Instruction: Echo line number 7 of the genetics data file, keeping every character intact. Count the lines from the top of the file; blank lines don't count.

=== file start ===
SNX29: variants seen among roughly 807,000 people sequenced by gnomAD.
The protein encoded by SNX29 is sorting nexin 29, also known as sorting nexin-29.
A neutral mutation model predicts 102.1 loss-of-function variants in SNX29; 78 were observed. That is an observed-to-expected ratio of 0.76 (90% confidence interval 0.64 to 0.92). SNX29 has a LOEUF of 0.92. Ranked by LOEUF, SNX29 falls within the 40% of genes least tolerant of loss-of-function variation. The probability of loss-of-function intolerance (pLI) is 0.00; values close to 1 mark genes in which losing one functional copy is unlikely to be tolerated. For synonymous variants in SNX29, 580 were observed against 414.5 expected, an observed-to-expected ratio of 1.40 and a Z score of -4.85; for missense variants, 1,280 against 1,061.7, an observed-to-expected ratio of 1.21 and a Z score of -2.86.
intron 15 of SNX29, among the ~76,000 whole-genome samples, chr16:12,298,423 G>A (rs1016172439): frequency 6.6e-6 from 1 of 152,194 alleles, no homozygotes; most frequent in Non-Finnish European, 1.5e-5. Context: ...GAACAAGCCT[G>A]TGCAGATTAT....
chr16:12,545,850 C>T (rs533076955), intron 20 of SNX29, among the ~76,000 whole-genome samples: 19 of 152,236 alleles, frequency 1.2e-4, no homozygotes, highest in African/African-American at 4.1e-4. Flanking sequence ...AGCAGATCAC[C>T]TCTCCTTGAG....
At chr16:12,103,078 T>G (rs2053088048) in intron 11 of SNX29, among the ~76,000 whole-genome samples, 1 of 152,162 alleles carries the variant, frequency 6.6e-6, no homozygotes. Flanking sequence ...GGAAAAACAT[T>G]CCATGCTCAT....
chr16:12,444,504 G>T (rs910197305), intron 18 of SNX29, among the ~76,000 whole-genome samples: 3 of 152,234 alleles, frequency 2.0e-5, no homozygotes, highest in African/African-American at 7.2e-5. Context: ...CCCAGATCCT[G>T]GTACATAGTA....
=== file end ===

chr16:12,444,504 G>T (rs910197305), intron 18 of SNX29, among the ~76,000 whole-genome samples: 3 of 152,234 alleles, frequency 2.0e-5, no homozygotes, highest in African/African-American at 7.2e-5. Context: ...CCCAGATCCT[G>T]GTACATAGTA....